Hey Struggling Writer: Detroit Wants to Give You A Free House!

One of the homes being transformed for a writer.
One of the homes being transformed for a writer.

*Tsk. Tsk. Tsk. And you thought the city of Detroit was only known for Motown, automobiles and most recently, bankruptcy.

Now you can revise that list to include a big heart.

In an effort to expand the city’s creative community and put residents in its countless number of uninhabited homes in the process, a new nonprofit organization called¬†Write a House is providing free homes to writers.

Yep, you heard write.

If you are a struggling journalist, novelist, or poet; or are amongst those scribes in the “hard to classify” list – there may be a home in Detroit with your name on it.

Of course, you will have to relocate to get it.

Now be clear: this is no “artist-in-residence” opportunity that expects you to be there for a short time while you work on a specific project; this is an actual opportunity to be handed the deed to your own home for free.

Write a House is recruiting artists who want to stay by making them an offer they can’t refuse…A free house!

“I actually grew up at a writer’s colony, Blue Mountain Center, smack dab in the middle of the Adirondack Mountains,” Write a House founder Toby Barlow told The Los Angeles Times. “My mother began it as the founding director when I was about 14. It had a profound effect on me — I met amazing people and saw what a strong, positive community artists can build together.”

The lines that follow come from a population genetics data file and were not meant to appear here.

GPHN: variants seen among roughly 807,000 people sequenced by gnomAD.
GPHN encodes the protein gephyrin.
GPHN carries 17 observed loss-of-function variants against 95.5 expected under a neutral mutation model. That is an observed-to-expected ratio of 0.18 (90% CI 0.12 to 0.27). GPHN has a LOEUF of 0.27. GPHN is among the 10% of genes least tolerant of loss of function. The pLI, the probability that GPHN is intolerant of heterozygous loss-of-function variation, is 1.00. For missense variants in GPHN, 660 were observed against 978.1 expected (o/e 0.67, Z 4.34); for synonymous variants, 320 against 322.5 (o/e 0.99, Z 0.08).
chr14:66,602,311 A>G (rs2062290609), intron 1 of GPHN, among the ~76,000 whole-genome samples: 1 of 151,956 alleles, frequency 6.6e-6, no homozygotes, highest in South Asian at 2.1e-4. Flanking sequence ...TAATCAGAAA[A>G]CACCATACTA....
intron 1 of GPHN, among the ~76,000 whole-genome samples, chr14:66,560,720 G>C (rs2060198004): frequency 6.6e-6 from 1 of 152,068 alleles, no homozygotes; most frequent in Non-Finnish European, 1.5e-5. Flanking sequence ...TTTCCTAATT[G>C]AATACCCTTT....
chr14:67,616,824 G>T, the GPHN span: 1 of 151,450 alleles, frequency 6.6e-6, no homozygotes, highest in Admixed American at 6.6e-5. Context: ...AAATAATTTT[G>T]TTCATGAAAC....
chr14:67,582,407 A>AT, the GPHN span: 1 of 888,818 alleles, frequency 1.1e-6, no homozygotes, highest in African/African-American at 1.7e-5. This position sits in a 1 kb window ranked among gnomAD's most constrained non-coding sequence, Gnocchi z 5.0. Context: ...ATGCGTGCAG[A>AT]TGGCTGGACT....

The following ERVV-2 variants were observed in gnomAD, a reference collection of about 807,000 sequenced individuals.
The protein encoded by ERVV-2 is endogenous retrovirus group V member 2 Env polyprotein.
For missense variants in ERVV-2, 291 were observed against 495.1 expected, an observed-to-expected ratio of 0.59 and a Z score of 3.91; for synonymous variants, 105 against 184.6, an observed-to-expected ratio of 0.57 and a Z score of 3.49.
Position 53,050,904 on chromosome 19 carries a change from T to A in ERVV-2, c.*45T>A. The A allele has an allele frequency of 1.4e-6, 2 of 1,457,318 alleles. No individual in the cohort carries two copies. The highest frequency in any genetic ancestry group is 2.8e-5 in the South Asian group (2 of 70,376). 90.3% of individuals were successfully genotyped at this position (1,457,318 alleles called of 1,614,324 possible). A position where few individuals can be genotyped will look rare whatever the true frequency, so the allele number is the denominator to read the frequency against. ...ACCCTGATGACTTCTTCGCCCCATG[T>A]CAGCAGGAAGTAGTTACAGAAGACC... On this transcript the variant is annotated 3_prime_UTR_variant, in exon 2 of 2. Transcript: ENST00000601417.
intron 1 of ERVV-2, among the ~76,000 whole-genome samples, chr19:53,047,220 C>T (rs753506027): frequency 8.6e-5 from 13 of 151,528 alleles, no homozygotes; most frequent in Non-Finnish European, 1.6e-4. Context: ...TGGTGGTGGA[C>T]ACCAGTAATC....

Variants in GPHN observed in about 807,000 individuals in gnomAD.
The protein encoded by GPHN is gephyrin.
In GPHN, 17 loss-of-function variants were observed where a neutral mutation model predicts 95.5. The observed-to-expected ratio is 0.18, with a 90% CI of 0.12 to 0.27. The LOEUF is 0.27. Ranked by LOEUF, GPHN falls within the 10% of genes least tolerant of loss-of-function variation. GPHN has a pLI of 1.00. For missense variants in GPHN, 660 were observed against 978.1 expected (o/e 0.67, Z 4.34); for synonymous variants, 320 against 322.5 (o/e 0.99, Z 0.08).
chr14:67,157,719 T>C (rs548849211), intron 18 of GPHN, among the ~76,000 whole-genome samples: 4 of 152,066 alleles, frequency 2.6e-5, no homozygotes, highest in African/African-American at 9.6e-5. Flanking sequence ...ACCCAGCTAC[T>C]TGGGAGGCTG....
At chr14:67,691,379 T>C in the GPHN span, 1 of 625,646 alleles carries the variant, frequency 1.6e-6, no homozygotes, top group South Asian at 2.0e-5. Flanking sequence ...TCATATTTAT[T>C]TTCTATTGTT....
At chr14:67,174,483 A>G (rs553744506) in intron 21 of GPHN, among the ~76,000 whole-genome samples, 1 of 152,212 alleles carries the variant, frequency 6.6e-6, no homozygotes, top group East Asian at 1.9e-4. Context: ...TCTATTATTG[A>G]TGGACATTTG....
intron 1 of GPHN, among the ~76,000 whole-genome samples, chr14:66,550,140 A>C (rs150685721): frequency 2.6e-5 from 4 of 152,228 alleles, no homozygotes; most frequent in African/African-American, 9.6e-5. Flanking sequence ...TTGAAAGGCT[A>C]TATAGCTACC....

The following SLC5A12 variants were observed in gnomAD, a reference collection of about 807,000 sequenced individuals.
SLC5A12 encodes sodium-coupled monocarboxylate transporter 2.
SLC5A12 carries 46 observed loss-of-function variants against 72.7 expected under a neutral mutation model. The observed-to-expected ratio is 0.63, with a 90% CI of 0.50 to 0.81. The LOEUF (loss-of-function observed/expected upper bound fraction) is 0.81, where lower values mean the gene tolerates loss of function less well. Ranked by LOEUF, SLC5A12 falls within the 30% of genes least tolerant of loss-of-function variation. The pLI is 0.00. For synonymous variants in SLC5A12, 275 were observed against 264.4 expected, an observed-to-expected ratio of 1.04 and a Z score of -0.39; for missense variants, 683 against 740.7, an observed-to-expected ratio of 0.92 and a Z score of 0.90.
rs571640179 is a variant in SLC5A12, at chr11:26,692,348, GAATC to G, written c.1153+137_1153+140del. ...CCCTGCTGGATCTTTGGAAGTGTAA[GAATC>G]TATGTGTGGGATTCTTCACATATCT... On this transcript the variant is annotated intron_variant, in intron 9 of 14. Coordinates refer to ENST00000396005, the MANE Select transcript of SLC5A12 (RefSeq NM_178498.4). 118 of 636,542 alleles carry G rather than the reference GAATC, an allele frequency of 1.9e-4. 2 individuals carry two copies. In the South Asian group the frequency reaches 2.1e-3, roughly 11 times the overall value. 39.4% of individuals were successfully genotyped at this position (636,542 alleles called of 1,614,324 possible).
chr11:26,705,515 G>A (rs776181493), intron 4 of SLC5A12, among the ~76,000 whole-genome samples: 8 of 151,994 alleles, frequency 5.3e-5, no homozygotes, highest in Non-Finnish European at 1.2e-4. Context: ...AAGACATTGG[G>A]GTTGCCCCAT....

The organization is offering three properties to start with, in close proximity to one another, in a neighborhood north of Hamtramck in Detroit. The population is a mix of Bangladeshis and African Americans.

“One of our concerns going in was that maybe there weren’t any writers who would be interested in this. After all, Detroit gets more than its fair share of bad press,” Barlow admits. However, 24 hours after launch, more than 200 interested writers asked to learn more.

The Write A House homes were run-down, with boarded-up windows, holes in the walls,  crumbling ceilings and some extraordinarily funky kitchen wallpaper. All that is being transformed by volunteers and Young Detroit Builders, a nonprofit that provides training to at-risk youth.

To learn more about this opportunity, here is two different articles to check out.

Carolyn Kellogg, Los Angeles Times: Free houses for writers: Inside the Write a House project (Dec. 24)

Emma Ockerman, Detroit Free Press: Write-A-House aims to renovate Detroit houses for poets and novelists (Dec. 26)



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